14. Guess what, my dear parents were not generally watching when I was falling out of trees etc. Not because they didn't care but precisely because they did. Surely I'm not the only one who deliberately waited till there were no grown-ups about to tell me not to before doing something dumb. If CBS were being deliberately negligent of the duty of care they would be prosecuted (and possibly sued too) in spite of the "disclaimer". The disclaimer can only cover events that are not the result of CBS's actions. The kids may well hurt themselves. If that happens then a court will see if CBS were negligent. It may be that the court finds that the misfortune that befalls some child is an accident and that CBS are not criminally liable through negligence. The disclaimer will stop any civil claim at that point. I think that's all it can do. The problem isn't that CBS's lawyers insist on a disclaimer. The problem is that anyone thinks this is anything other than child abuse.
  15. If you are planning to weigh the AgCl then this is gravimetry*. If you are planning to use a solution of a known concentration and add exactly enough to ppt all the Cl then it's called titration. * Gravimetry is also the word for measuring the local strength of gravity.
  16. Presumably your talents and gifts don't include the use of capital letters, punctuation or how to use spoilers. Just out of idle curiosity, how likely was it that one of the teachers from your school would reply and what would you say to them here that you can't say in person at school?
  17. Water is miuch more viscous and doesn't have much oxygen in it so there's a lot of energy needed to pull enough water through the gills to get enough oxygen.
  18. I guess he's not fussed about whether you believe facts either. If it doesn't work with whiskey (and, unless you are calling him a liar, I think we can take that as a fact) then, since vodka and whiskey have similar alcohol contents it can't be due to alcohol. My personal guess is that it's at least partly due to acetaldehyde. but I still can't explain the difference between spirits.
  19. The blue/grey triangle shaded on the graph is the clue. The slope of that tangent is the change in y divided by the change in x. In this case its the change in concentration of butyl chloride divided by the time over which that change took place. The values can be found by reading off the axes. Look at the line drawn as a tangent to the graph. At 400 sec the concentration is 0.042M at 800 sec its 0.018M and so the difference is 0.024M. Divide that by the difference in time and you get the rate of change.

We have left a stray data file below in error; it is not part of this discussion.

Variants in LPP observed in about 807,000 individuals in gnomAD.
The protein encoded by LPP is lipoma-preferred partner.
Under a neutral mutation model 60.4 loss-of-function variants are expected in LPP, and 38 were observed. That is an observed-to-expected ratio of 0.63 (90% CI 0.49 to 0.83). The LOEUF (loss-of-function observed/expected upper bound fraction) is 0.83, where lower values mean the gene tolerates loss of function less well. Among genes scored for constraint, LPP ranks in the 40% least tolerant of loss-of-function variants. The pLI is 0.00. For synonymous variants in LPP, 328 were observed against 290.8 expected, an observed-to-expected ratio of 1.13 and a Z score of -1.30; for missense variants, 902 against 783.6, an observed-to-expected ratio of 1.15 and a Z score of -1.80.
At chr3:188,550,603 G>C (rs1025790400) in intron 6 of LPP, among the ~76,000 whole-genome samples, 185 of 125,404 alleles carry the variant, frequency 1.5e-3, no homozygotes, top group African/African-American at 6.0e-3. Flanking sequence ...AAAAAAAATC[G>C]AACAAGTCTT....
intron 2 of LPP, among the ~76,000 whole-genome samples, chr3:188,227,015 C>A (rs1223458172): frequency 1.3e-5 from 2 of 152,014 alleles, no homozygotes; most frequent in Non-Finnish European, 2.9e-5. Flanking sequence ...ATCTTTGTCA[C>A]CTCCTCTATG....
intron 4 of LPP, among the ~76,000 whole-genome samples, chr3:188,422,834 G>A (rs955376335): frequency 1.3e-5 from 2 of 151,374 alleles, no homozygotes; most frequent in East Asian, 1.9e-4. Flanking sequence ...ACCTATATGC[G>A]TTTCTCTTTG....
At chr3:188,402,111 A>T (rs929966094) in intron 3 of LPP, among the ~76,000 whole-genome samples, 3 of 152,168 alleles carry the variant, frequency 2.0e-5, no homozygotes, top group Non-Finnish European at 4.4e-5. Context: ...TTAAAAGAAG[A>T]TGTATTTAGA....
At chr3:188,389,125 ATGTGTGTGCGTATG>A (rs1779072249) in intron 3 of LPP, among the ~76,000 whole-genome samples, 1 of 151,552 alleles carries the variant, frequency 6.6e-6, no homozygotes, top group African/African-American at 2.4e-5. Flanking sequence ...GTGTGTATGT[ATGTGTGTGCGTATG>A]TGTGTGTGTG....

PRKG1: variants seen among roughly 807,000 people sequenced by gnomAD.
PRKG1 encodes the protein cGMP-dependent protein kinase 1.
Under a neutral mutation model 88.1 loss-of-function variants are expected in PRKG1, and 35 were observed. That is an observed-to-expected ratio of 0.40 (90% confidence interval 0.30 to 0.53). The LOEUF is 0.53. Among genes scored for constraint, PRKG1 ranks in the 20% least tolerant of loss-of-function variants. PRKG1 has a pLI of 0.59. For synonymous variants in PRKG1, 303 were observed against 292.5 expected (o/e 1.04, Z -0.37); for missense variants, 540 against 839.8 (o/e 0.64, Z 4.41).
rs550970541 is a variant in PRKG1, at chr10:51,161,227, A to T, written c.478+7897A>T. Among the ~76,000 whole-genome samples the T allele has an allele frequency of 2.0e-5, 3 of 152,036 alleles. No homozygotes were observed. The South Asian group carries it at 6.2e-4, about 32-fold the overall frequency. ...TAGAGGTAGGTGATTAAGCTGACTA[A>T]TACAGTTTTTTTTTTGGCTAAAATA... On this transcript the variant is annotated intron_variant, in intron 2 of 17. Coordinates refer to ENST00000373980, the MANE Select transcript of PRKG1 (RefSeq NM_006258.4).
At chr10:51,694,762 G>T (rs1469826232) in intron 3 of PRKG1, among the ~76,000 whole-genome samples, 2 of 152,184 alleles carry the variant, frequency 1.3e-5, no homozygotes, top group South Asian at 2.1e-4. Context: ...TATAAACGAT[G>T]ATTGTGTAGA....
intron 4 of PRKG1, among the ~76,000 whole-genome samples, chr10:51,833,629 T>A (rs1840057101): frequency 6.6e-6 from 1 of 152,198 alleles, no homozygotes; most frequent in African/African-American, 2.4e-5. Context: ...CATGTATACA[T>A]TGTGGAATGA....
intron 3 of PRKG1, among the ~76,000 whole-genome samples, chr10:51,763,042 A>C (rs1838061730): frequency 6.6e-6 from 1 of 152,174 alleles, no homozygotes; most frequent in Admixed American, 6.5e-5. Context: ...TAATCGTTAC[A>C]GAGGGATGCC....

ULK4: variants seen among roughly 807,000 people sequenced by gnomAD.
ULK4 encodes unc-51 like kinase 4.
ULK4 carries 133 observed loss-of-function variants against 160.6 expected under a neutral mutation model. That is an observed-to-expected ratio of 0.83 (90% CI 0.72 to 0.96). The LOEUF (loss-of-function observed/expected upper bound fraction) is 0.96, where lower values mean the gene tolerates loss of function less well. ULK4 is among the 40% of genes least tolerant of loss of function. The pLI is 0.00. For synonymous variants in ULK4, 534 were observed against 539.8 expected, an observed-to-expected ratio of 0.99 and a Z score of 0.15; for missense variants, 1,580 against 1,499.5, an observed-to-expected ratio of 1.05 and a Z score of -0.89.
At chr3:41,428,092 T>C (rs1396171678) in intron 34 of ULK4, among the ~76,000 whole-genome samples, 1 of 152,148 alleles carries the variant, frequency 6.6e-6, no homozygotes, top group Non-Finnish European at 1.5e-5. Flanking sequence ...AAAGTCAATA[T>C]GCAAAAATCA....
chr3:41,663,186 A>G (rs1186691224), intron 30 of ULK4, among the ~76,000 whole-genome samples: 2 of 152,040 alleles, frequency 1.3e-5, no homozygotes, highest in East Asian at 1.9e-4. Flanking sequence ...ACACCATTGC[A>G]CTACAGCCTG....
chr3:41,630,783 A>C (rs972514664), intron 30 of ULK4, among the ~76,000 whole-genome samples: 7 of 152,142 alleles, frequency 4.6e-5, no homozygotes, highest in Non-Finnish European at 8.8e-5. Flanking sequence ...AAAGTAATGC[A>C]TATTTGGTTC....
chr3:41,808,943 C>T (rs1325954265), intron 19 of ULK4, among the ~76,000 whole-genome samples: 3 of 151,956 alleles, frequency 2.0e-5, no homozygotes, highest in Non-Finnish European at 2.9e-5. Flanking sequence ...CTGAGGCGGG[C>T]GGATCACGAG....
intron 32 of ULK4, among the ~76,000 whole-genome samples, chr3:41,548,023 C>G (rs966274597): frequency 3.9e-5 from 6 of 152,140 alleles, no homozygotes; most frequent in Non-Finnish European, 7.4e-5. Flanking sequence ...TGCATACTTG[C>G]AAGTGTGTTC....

20. http://www.britannica.com/eb/article-9020249/carbon-dioxide
  21. I got some from ebay but the easy way is to buy it from a chemical supplier. It's not a restricted product.
  22. Thanks for that reference. It seems I'm not the only one who thinks a thin layer of water won't help much "In 2002, Dr. Salmeron and colleagues performed an experiment. They dragged the tip of an atomic force microscope, resembling a tiny phonograph needle, across the surface of ice. "We found the friction of ice to be very high," Dr. Salmeron said. That is, ice is not really that slippery, after all. Dr. Salmeron said that this finding indicates that while the top layer of ice may be liquid, it is too thin to contribute much to slipperiness except near the melting temperature. In his view, friction is the primary reason ice is slippery. (The microscope tip was so small that its friction melted only a tiny bit of water, which immediately refroze and therefore did not provide the usual lubrication, he said.) Dr. Salmeron concedes, however, that he cannot definitively prove that his view is the correct one. "It's amazing," he said. "We're in 2006, and we're still talking about this thing." " Well, now it's 2007 and I don't see this as fully resolved yet.
  23. When I was a kid I used to climb trees, swim in the canal and ride a bike on main roads. Any of these could have led to my death (or to serious injury). Is CBS simply accepting that kids playing are sometimes exposed to danger and that they don't want to face an essentially unlimited lawsuit? Having said that, the whole idea seems wrong to me. It looks exploitative at best and I don't think children are born to be "used" in this sort of way. To me that seems to be a bigger problem than a contract that probably wouldn't be enforceable.